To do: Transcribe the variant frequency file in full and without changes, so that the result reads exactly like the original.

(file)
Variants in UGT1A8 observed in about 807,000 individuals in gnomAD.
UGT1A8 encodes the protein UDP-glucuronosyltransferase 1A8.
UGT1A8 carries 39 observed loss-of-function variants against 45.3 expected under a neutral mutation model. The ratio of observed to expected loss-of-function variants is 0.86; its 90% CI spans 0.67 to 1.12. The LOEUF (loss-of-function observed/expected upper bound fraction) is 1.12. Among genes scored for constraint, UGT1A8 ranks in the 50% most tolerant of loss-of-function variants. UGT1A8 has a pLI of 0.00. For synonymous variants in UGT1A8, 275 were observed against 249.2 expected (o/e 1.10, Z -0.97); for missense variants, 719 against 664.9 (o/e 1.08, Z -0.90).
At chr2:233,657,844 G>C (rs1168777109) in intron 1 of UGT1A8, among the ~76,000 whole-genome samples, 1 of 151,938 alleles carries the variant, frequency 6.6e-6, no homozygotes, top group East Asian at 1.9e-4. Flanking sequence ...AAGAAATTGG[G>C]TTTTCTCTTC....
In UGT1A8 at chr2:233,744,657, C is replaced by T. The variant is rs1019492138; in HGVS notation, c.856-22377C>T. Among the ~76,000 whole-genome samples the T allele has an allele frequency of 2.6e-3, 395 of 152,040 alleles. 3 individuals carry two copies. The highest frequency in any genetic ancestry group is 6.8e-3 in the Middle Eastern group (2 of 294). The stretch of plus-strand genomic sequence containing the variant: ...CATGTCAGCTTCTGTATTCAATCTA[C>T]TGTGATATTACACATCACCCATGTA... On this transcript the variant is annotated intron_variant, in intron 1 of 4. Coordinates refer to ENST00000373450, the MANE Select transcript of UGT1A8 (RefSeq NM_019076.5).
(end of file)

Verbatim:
Variants in UGT1A8 observed in about 807,000 individuals in gnomAD.
UGT1A8 encodes the protein UDP-glucuronosyltransferase 1A8.
UGT1A8 carries 39 observed loss-of-function variants against 45.3 expected under a neutral mutation model. The ratio of observed to expected loss-of-function variants is 0.86; its 90% CI spans 0.67 to 1.12. The LOEUF (loss-of-function observed/expected upper bound fraction) is 1.12. Among genes scored for constraint, UGT1A8 ranks in the 50% most tolerant of loss-of-function variants. UGT1A8 has a pLI of 0.00. For synonymous variants in UGT1A8, 275 were observed against 249.2 expected (o/e 1.10, Z -0.97); for missense variants, 719 against 664.9 (o/e 1.08, Z -0.90).
At chr2:233,657,844 G>C (rs1168777109) in intron 1 of UGT1A8, among the ~76,000 whole-genome samples, 1 of 151,938 alleles carries the variant, frequency 6.6e-6, no homozygotes, top group East Asian at 1.9e-4. Flanking sequence ...AAGAAATTGG[G>C]TTTTCTCTTC....
In UGT1A8 at chr2:233,744,657, C is replaced by T. The variant is rs1019492138; in HGVS notation, c.856-22377C>T. Among the ~76,000 whole-genome samples the T allele has an allele frequency of 2.6e-3, 395 of 152,040 alleles. 3 individuals carry two copies. The highest frequency in any genetic ancestry group is 6.8e-3 in the Middle Eastern group (2 of 294). The stretch of plus-strand genomic sequence containing the variant: ...CATGTCAGCTTCTGTATTCAATCTA[C>T]TGTGATATTACACATCACCCATGTA... On this transcript the variant is annotated intron_variant, in intron 1 of 4. Coordinates refer to ENST00000373450, the MANE Select transcript of UGT1A8 (RefSeq NM_019076.5).